Goodbye Springfield – A Walk in the Garden

Posted in On Tthe Road, Photography Tricks on June 1st, 2009 by MadDog
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I love being in interesting places, but I hate getting there. Springfield, Illinois has its interesting spots, but it’s not Vienna. Anyway, we had a good time and visited family that I seldom see. But, I start to get very anxious when travel time draws near. For someone who has been around the world about a dozen times, I’m not a very good sojourner.

So, as my anxiety grows, I grab my trusty camera (I presently have three to choose from. I look like a Japanese tourist) and find a garden to calm myself. Fortunately, this morning all I had to do was walk out of the door of Jim and Mary Sexton’s house to find a pleasant spot to exercise my eyes. Mary is Eunie’s sister.

Heritage roses seem to be gaining popularity everywhere. At least I think that these are a heritage variety:

Pink heritage roses

The pink is quite pretty, but I was more intrigued by these blue ones. I thought blue roses did not exist:
Heritage BLUE roses - no, they are fakes.
Well, as it turns out, they don’t exist. I faked the colour with Photoshop.

Red roses are beautiful and they smell nicer. Jim and Mary have some nice red ones in their garden:

Red, red rosesI did notice that they lack yellow roses.

So, I made some for them:

Fake yellow roses courtesy of PhotoshopYes, they are also Photoshop fakes.

I captured some more images in Jim and Mary’s garden this morning. Here is a little gallery:


I feel mentally and spiritually rested now. I’m almost ready to face TSA.

Would they arrest you when you took your shoes off if everybody fainted? Do they sell “Foot Stink” any place? I’m looking for trouble. I’ve never been arrested and I’m ready to try it. It would make a great war story.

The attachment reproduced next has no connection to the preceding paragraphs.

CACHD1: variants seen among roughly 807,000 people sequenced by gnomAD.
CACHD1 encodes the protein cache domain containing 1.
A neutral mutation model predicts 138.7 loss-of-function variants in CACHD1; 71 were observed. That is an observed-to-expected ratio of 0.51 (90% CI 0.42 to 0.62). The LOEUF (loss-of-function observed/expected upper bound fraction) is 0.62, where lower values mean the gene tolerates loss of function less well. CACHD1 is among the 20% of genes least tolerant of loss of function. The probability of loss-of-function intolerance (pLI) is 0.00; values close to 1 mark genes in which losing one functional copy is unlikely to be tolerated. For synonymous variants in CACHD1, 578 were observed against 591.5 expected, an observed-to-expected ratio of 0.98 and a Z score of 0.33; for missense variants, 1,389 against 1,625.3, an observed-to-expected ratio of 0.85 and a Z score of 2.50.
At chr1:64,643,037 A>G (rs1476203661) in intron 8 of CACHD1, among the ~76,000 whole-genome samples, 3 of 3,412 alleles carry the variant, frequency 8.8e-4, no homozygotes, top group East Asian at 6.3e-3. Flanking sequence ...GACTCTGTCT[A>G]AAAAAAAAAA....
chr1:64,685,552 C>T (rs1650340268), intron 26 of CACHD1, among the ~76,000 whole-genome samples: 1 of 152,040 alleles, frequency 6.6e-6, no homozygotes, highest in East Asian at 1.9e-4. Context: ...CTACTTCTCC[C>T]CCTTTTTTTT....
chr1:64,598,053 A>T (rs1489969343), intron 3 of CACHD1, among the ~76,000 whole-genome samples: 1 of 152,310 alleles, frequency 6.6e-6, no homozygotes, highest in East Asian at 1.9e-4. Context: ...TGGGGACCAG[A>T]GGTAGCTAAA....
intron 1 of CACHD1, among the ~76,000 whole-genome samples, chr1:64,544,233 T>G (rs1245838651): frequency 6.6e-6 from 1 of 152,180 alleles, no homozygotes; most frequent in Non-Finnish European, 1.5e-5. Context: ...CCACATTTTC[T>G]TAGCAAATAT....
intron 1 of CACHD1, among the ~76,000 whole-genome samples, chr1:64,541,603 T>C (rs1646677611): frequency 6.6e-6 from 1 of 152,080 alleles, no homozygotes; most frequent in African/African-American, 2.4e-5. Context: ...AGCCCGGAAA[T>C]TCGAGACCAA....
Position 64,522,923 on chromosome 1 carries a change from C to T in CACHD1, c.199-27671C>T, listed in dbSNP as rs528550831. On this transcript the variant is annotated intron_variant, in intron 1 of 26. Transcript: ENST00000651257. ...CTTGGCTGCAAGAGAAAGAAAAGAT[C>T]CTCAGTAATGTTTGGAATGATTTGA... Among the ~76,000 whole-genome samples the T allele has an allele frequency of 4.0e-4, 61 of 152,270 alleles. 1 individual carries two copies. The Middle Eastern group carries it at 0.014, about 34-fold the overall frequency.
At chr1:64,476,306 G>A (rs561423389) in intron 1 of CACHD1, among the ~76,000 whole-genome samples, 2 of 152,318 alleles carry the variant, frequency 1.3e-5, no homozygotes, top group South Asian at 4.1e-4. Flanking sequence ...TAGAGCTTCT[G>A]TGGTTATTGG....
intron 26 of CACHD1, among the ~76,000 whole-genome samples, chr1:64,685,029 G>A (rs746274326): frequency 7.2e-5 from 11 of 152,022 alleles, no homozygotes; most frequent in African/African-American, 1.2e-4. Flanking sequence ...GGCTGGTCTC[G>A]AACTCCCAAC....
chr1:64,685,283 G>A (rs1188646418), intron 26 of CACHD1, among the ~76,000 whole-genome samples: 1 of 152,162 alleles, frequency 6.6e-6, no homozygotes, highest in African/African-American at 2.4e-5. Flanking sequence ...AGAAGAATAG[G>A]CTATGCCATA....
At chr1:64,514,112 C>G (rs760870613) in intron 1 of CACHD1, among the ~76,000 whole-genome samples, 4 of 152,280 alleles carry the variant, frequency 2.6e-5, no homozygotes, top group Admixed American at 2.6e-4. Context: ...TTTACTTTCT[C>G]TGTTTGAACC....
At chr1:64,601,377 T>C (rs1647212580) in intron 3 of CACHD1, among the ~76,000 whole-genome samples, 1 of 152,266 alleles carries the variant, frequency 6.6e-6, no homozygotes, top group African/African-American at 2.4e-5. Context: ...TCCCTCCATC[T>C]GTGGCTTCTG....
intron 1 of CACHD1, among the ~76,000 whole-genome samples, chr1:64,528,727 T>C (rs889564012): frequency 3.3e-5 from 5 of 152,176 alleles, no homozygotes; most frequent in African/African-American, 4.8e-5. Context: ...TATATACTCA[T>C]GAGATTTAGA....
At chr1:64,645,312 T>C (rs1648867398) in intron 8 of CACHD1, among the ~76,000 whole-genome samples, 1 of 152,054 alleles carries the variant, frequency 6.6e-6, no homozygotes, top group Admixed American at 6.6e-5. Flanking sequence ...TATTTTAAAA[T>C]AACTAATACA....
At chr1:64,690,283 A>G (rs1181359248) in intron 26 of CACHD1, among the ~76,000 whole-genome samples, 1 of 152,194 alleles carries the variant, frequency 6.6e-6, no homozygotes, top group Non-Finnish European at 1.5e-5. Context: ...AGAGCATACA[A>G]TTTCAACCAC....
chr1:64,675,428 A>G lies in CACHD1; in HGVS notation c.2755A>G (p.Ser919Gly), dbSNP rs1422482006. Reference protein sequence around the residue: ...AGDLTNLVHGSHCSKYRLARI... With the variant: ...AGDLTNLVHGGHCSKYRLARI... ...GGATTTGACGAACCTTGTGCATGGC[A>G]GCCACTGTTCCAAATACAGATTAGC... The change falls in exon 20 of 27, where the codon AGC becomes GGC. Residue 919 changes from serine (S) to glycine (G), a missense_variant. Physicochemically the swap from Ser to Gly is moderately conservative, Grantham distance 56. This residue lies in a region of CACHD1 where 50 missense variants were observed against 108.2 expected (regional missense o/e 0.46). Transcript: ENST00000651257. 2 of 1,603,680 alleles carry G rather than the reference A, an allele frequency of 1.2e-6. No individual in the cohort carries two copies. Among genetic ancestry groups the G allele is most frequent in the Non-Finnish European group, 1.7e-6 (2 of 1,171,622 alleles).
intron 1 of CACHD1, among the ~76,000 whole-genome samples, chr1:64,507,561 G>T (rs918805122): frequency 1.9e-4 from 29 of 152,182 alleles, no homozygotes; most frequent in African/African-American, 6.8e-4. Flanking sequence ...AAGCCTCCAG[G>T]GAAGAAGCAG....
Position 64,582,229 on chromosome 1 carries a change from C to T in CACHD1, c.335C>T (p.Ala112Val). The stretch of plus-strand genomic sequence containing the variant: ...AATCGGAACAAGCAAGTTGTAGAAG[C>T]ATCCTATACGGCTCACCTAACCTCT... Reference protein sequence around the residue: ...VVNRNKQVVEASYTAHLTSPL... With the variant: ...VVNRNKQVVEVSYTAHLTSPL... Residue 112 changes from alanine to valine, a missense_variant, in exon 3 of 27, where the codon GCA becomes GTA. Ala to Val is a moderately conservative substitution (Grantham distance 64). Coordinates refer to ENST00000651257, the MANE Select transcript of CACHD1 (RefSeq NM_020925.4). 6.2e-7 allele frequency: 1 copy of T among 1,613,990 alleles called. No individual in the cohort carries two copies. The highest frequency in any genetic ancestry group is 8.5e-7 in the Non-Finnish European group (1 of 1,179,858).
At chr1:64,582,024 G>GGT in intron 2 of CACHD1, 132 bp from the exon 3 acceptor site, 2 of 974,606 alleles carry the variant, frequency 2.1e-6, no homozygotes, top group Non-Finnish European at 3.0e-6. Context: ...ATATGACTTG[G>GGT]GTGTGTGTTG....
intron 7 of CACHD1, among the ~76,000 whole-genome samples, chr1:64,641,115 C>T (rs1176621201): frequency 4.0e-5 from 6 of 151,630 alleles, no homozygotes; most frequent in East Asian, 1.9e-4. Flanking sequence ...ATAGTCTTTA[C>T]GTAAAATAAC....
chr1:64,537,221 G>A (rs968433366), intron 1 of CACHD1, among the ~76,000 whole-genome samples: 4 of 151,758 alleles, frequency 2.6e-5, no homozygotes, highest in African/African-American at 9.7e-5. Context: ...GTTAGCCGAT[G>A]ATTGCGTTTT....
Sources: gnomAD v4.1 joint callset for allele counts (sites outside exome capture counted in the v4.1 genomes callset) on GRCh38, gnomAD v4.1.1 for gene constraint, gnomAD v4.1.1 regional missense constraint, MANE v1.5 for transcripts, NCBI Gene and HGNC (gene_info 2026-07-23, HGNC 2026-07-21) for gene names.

UPDATE: Mary says that they are violas, not pansies. What do I know?

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Springfield Illinois – Land of Lincoln

Posted in On Tthe Road on May 30th, 2009 by MadDog
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In the nearly three decades that I’ve been an expatriate I’ve observed that people who have lived for many years away from their country of birth seem to fall into two categories. There are those who never cease to long for the ‘mother land’ and revere it. Others develop a cynical and hypercritical attitude concerning the land of their birth. I suppose I fall somewhere in between.

I do revere the memory of the land in which I was nurtured and still believe in its fundamental founding principles. However, mine is a fantasy of longing for a time long past when every social issue was not coloured in indiscernable shades of grey. Nothing seems clear. Few serious social issues seem solvable.

Of course, real Americans don’t run off for decades to a distant land and hurl dissent from a safe distance. That’s why I don’t lay claim to being a functional American any more. If I lived there, I’d be a noisy participant. Since I don’t live there, I try to hold my tongue.

Still, even through my cynicism and fear for the future, I am occasionally stirred by representations of greatness from the past. One place where you can find that in abundance is in Springfield Illinois.

I’ll not say a lot more. I’ll let you look at the images to see if any of them speak to you.

Here are the steps of the old court house where Abraham Lincoln delivered his great “A Nation Divided” speech and Barack Obama announced his candidacy for the Presidency:

The courthouse steps where Lincoln and Obama announced their candidacy for President
This is a gallery of some of the photos that I took today as Eunie and I wandered around the centre of Springfield:
I would like to mention that Eunie told me that when she was a kid in Springfield, practically nobody knew that the building on the corner was Lincoln’s law office.

I can’t leave without making a tongue-in-cheek political statement with this image:

The Capital building in Springfield, Illinois - and yes, this is a political statement
It is a shot of the Capital Building in Springfield. I was amused by the juxtaposition of the One Way sign and the ediface of political rule. Please note the obvious. The arrow is pointing left.

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